Hannah Smyth
Digital archives
and articulating identity

The current ‘Decade of Centenaries’ (2012-2023) in the Republic of Ireland has created a pretext for funding high-profile national digitization projects. During this decade, digital archives have become part of the public experience of commemoration in a way they were not before.

What is the Decade of Centenaries?

The period from 1912 to 1922 was one of the most eventful in Ireland’s history. From the campaign for Home Rule, through World War One and the Easter Rising of 1916 to the foundation of the Free State, this was a decade of great change. Campaigns for social reforms — highlighted by the suffrage movement and the 1913 Lockout, for example — also went hand in hand with political events. The Decade of Centenaries programme aims to commemorate each step that Ireland took between 1912 and 1922 in a tolerant, inclusive and respectful way.’

from Decade of Centenaries

Social media also emerged as a key mode of communicating the commemorations online, leaving behind an historical record of engagement. Releases of state digital archives have been aligned with key anniversaries, notably in 2016, and has set a precedent for digitisation as a new ritual of commemoration in this late-modern remembrance culture. Online engagement built towards and spiked between March and April 2016, and though it is a burgeoning area of interest in digital history Twitter as a source for the systematic study of contemporary commemoration in Ireland has been little explored.

In this context, this thesis demonstrates how the profusion of digital archives and online engagement with heritage emphasises the digital space as a territory for the performance of remembrance culture, underpinned by a critical heritage and feminist discourse. Taking three centennial collections as case studies, it demonstrates how ‘digitisations may be recognized as vibrant and historically situated sources in their own right’ even as they instantiate Irish cultural and collective memory and identity. Using digital humanities methods, it further substantiates the ways in which Twitter was appropriated and re-appropriated for the commemorations.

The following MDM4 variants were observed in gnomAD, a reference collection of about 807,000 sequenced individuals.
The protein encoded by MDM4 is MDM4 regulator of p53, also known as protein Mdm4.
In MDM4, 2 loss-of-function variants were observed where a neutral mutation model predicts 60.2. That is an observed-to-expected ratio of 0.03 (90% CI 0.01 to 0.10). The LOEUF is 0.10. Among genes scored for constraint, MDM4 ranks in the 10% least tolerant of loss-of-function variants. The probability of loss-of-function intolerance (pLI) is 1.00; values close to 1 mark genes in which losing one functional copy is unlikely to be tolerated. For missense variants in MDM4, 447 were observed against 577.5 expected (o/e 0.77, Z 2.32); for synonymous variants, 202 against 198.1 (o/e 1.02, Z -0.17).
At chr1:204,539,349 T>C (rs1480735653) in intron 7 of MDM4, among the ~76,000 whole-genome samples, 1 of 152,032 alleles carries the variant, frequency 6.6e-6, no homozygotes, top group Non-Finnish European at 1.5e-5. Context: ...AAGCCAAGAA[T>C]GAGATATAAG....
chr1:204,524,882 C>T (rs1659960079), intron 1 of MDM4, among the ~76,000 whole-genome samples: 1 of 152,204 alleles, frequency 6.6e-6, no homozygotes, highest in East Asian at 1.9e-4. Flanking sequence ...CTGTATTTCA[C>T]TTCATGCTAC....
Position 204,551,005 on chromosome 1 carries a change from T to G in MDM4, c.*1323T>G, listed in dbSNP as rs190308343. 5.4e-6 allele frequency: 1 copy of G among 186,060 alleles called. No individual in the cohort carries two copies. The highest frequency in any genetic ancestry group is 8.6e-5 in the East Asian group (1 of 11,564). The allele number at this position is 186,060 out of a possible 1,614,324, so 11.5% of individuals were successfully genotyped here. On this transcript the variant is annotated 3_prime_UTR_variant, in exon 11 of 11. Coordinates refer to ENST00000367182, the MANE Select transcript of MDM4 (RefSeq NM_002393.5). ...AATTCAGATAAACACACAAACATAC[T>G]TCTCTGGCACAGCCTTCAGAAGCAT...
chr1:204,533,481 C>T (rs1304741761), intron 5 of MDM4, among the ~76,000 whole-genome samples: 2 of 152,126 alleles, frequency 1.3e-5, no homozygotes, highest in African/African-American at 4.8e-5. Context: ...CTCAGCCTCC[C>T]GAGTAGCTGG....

Commemorating the 1916 Easter Rising continues to be a powerful reference point in defining and redefining Irishness and Irish cultural identity. This thesis shows how both digital commemorative archives and Twitter have been mobilized in articulating national identity during this decade of commemorations, as well as critical comment around the centenary of the Easter Rising and the gendered nature of memory and commemoration in the past.

Hannah Smyth

Hannah Smyth (she/her : sí/í) is a PhD student at University College London, Department of Information Studies. She is a member of work package 3 ‘Digital Heritage: the future role of archives and collections in a digital world’. Hannah holds an M.Phil. in Public History and Cultural Heritage from Trinity College Dublin and has previously worked in research and production for the historical website Century Ireland. Her current research focuses on archives, gender, and the digital presence of the Decade of Centenaries in Ireland. Her research interests also include public history and the uses of the past in feminist activism.